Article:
For all of the attention and focus placed on strategic planning and change initiatives, it’s hard to imagine that roughly 70 percent of strategic plans fail and 73 percent of change initiatives fall short of producing any meaningful or lasting change. Troubled by these figures, our Vistage Chairs (former executives turned business mentors) compared notes on initiatives that have succeeded and, sourcing some renowned scholars, have come up with a top 10 list of shared attributes.
1. Objective situational and stakeholder analysis
Without an objective and unbiased understanding of “what’s going on here,” you’re not likely to come up with strategies that will be very effective. Take a hard look at what’s happening externally and internally and pay special attention to the needs of your stakeholders. As John Dewey once said, “A problem well defined is a problem half solved.”
2. Clarity of purpose and realistic goals
It’s critical for your people to understand the purpose of your strategic initiative and have clear goals that are aspirational, yet realistic, notes Ned Frey, owner of Foursight Seminars Inc. He talks about it in terms of “purpose, focus and passion.” Clarity of purpose fuels the focus and passion required to achieve a sustainable, successful effort.
3. Sense of urgency
“Without a sense of urgency, it’s too easy to put off until tomorrow what should be acted upon today,” says Allen Hauge, president of Hauge Farms, Inc. Harvard Business School professor emeritus John Kotter describes it as “a gut level determination to act today.” It doesn’t mean lighting a fire under someone by manipulating urgency through false crisis, instead, it’s about lighting the fire within and inspiring a sustainable will to change.
4. Strategies that underscore your values and play to your organizational strengths
Strategy isn’t just about what anyone would do; it’s about understanding what YOU would do, based on your priorities and values. In the book Built to Last, Jim Collins and Jerry Porras talk about the importance of balancing the unchanging core (values and company purpose), while stimulating progress (change and innovation). Steve Brody, a former senior executive with Coca-Cola, adds, “And be sure to play to your organizational strengths. Not doing so is the equivalent of what Tom Rath describes as, ‘taking the path of most resistance.’ ”
5. Understanding your culture
Working with your culture, rather than fighting it, can go a long way toward aligning and moving your organization forward. Whenever possible, swim with the current, not against it. If you try to force change, your plan is destined to be among the strategic initiatives that fail.
Leaders can’t force change, but they can guide it. That means leading from the front, or as Jim Kouzes and Barry Posner would say, “modeling the way.” If employees sense that the leadership’s commitment is tepid, then that’s what leaders can expect in return. Conversely, savvy leadership from the c-suite will inspire others in your organization to lead as well. Without them, your plan is going nowhere.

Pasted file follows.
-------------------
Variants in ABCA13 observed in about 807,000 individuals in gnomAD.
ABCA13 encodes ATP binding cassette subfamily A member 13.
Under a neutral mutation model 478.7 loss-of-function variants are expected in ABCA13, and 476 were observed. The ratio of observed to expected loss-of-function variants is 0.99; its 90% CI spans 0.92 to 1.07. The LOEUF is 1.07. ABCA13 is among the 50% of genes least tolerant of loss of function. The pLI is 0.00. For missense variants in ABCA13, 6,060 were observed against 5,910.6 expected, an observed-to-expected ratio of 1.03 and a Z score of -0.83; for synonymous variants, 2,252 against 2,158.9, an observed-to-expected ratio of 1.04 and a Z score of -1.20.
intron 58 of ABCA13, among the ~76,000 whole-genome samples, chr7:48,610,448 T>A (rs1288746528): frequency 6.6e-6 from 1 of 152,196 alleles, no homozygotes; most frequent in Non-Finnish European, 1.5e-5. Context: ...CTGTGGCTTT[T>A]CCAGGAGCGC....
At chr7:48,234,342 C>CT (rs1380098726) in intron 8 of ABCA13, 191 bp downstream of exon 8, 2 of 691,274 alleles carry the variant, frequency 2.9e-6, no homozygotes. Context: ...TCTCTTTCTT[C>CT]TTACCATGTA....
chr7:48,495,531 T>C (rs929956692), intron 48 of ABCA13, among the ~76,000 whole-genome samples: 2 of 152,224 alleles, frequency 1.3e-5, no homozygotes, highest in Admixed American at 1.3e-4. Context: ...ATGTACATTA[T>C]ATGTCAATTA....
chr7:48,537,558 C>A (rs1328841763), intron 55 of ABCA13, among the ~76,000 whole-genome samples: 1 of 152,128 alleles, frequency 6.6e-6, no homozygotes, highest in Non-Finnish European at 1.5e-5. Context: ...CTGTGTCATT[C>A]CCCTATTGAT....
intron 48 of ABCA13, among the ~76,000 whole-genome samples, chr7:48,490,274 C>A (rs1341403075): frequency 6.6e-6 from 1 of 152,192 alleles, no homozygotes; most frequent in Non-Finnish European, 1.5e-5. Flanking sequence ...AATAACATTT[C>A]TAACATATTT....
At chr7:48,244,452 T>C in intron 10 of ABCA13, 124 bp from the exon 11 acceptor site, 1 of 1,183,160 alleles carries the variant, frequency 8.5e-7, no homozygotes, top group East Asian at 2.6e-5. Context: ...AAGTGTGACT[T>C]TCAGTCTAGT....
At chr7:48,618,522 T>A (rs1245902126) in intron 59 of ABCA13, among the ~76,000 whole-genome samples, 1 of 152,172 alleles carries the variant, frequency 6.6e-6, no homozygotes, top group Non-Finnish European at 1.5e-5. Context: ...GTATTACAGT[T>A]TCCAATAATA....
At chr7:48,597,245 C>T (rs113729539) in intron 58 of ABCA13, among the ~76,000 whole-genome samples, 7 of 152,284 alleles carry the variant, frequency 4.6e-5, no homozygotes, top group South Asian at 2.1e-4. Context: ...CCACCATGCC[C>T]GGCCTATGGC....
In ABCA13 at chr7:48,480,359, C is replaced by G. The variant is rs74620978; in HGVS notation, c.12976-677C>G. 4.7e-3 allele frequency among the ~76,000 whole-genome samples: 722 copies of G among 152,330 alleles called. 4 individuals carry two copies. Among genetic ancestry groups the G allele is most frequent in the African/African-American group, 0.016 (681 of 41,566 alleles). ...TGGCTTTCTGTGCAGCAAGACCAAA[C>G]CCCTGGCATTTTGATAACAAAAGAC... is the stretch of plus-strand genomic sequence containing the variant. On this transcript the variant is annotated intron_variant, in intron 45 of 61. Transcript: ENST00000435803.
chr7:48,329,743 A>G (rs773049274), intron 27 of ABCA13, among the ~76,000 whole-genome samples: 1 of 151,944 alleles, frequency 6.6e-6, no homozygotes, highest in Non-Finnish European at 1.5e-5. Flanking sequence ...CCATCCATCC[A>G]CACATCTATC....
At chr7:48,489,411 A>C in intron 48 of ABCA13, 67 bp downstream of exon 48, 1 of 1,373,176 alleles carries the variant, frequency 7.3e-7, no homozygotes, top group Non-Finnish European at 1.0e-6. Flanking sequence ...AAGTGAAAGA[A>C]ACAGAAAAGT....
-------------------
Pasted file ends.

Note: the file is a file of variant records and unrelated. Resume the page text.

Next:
7. Unwavering discipline
Commitment to achieving strategic goals is still not enough—you also need execution. Successful execution means having the discipline necessary to achieve your goals and make sustainable behavioral change. In individual terms, for example, someone might be committed to losing 10 pounds, yet lack the discipline to do what’s necessary to achieve that goal and maintain the new weight. It’s no different in organizations.
It’s essential that your people embrace the strategic plan as their own plan. Failing that, you’re asking your employees to be more committed to your goals than their own—hardly very realistic. To accomplish this level of buy-in, it’s important to have transparency right from the start. To sustain the effort, employees should understand and be kept apprised of how their daily activities are helping achieve the desired outcomes.
9. Monitoring, measurement and feedback
“Even the best strategic plans require adjustments along the way,” says Linda Gabbard, president of Framework Initiatives Company, Inc. That means looking at both intended and unintended effects. Monitor your plan’s progress, measure outputs as well as outcomes, obtain feedback from all your stakeholders and stay nimble. Identifying and documenting key assumptions about the plan is essential. Periodically, challenge your assumptions. If the assumptions are no longer relevant, your plan won’t be either.
10. Anchoring the changes in company culture
Recognize small wins, reward your people and reinforce the positive results your strategic initiatives have produced. Doing so will go a long way to taking strategy and change from just what you do to being who you are.